Long Beach, CA
AQUARIUM OF THE PACIFIC--FASCINATING, FUN AND HELPING SAVE THE FUTURE
By C. MacDonald
Want to see SHARKS swim inches from your
How about watching cute SEA OTTERS do backstrokes and dives before your very eyes?
Have you seen playful PENGUINS dip & dive lately?
Would you like to go underwater and FEED THE FISH?
Want to help SAVE THE SEA?
These are just a few possible thrills
waiting for you at the spectacular
Aquarium of the Pacific, anchor to The
Pike at Rainbow Harbor in Long Beach.
There are more than 500 species in 19
major habitats and 32 focus exhibits at
the "way impressive" place which
highlights three main areas of the
Pacific Ocean--Southern California/Baja,
Tropical Pacific and Northern Pacific.
Not only will you learn so much (like Sea Otters have the densest coats of any mammal to stay warm in the cold waters off the Central Coast), but there's something of awe for every age and every interest. You can stroll through and watch the amazement of sea life through huge windows or at shark and sea lion shows or, if you're a diver and have Open Water Certification, you can actually take part in "Dive Immersion," a program designed to allow you to journey into the 350,000-gallon Tropical Reef Habitat and check out some of the 1,000 fish. You'll even be given a camera to video underwater. Lucky divers are doing this daily between 3-5:30pm. Find out more at aquariumofpacific.org.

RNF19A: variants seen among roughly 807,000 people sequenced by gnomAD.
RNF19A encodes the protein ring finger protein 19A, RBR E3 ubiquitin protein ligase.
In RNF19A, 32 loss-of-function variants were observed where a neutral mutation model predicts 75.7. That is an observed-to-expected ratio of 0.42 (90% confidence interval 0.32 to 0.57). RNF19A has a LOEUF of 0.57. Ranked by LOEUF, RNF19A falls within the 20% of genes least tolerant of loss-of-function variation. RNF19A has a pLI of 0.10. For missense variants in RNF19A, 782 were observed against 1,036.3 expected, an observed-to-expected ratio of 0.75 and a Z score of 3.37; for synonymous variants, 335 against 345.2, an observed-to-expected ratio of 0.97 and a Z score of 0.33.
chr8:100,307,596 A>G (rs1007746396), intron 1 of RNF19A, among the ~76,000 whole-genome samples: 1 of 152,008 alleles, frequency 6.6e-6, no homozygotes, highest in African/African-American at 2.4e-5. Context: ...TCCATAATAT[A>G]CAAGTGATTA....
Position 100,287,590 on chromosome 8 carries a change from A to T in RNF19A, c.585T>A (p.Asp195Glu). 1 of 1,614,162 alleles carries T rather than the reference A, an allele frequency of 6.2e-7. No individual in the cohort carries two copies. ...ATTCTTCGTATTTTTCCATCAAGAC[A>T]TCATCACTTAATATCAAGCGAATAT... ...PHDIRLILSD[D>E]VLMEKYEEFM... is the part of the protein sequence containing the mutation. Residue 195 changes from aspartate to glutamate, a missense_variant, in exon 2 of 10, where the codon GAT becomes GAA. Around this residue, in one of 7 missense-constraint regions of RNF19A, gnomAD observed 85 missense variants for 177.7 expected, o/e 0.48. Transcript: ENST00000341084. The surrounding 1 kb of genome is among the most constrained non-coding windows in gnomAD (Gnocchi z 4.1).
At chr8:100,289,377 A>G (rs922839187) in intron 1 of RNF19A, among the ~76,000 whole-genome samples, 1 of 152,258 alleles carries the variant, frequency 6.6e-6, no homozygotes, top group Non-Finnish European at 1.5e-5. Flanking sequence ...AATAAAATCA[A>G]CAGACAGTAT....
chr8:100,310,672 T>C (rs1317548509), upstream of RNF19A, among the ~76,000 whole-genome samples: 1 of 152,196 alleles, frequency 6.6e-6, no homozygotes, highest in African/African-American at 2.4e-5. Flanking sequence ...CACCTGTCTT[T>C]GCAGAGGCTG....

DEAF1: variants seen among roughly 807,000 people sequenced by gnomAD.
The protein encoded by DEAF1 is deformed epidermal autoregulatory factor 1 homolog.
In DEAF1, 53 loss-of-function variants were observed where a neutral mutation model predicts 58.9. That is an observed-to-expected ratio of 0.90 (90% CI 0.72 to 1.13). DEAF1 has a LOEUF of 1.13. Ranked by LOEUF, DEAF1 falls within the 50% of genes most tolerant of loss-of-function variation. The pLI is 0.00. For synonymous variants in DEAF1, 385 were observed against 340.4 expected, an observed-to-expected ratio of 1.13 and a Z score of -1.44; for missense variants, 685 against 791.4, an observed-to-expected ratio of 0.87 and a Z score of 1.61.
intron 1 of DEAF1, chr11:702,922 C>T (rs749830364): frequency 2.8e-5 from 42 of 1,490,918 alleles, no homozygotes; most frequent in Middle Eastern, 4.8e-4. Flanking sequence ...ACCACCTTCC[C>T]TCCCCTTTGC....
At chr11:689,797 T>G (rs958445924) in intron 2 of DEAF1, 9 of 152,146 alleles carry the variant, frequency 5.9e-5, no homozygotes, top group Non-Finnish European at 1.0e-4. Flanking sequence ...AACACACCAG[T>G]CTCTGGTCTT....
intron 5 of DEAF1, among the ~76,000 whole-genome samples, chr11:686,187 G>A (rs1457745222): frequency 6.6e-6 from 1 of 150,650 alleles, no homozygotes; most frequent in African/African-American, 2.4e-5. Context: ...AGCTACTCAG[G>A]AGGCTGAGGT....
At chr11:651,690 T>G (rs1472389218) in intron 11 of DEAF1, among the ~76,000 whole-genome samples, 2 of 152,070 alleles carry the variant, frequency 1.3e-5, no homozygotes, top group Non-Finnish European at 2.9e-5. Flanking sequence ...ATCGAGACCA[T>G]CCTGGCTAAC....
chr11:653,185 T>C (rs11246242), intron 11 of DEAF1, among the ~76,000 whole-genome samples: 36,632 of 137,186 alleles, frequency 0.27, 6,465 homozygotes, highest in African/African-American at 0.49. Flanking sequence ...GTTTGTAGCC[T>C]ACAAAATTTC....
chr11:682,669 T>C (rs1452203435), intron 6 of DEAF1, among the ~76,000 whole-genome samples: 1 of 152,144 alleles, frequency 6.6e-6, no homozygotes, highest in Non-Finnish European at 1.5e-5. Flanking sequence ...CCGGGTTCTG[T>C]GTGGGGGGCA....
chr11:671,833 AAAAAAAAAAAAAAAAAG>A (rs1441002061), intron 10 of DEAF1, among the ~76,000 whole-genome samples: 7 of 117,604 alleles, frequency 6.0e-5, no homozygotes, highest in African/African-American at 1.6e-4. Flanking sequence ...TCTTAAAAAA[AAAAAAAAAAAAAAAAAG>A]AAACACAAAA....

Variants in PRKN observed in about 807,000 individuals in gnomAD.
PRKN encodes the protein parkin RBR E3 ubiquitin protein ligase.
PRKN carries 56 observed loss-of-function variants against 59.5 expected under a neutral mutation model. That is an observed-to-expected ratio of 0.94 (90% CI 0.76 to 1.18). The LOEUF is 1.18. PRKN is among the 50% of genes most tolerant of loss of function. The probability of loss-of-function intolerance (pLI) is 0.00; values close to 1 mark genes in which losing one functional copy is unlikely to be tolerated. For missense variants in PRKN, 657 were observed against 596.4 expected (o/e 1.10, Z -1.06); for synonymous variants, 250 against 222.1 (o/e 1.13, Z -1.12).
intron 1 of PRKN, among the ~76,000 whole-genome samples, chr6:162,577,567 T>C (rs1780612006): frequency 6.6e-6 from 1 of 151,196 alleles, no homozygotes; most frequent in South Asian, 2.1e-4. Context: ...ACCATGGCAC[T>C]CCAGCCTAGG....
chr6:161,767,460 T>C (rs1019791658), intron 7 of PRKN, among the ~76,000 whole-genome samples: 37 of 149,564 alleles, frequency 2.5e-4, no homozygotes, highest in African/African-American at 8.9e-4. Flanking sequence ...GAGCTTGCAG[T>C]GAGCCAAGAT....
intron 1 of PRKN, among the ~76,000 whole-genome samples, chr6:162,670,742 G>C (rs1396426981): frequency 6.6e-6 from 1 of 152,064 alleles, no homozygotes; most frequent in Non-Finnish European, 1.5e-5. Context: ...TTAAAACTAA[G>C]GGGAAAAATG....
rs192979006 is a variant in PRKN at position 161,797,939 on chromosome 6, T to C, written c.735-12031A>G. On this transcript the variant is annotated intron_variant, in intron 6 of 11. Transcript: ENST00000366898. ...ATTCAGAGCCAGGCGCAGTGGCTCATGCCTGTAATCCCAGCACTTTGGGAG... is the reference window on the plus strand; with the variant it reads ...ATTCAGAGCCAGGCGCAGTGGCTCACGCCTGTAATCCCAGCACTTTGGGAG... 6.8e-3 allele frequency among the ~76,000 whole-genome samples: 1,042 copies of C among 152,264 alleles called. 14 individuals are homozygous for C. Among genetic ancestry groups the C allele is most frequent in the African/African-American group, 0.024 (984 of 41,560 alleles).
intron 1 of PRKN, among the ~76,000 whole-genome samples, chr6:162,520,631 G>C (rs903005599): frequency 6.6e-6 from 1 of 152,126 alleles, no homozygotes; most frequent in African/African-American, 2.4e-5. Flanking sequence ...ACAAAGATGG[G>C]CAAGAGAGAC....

Eric Castillo, Assistant Dive Safety Officer, said people can become volunteer divers (like he used to be) at the aquarium. "More than 170 volunteer divers help feed the animals, clean the tanks and study animal behavior," said the friendly Huntington Beach resident. "Together with our 50 paid divers, we've made more than 17,000 dives at the aquarium and in the ocean. We're one of the top diving aquariums in the United States."
Castillo teaches an American Academy of Underwater Sciences' "Scientific Diver Course," where you can become qualified and help with an "Abalone Recovery Project." Divers count and study the sea creatures to see if abalone can be re-established in the Pacific. There's also a Kelp Project, where divers move kelp-eating urchins away from the kelp to help re-establish this important plant that's needed by more than 800 species in the ocean.
Nancy Caruso, a Marine Biologist and founder of "Get Inspired," (getinspiredinc.org) has been a driving force, working with the aquarium, school students and others to help Kelp return to Orange County beaches after an absence of more than 25 years. The students actually grow the kelp.
This caring and enthusiastic woman has assisted thousands of students and currently educates and inspires at seven schools in the growing of Kelp, Abalone and White Sea Bass. "Divers are replanting the student-grown kelp along the coast of Orange County and the team effort is restoring the Abalone and Sea Bass to our region," she said. "This shows them how to make a positive difference and literally help change the world. One of her former students, Marie Santiago, is even studying to be a Marine Biologist in college."
At the aquarium, you can also take part in an hour-long, guided "Behind the Scenes Tour," to see what "makes the place tick." You'll be able to go above the largest exhibit and feed the fish as well as see the new Molina Animal Care Center.
To find out about the incredible aquarium, visit its website, aquariumofpacific.org
aquarium, located at 100 Aquarium Way,
Long Beach, also has supported, "Fish
For Your Health," an invaluable guide
telling which fish are high in mercury
and what the healthy choices are. To
find out about eating fish go to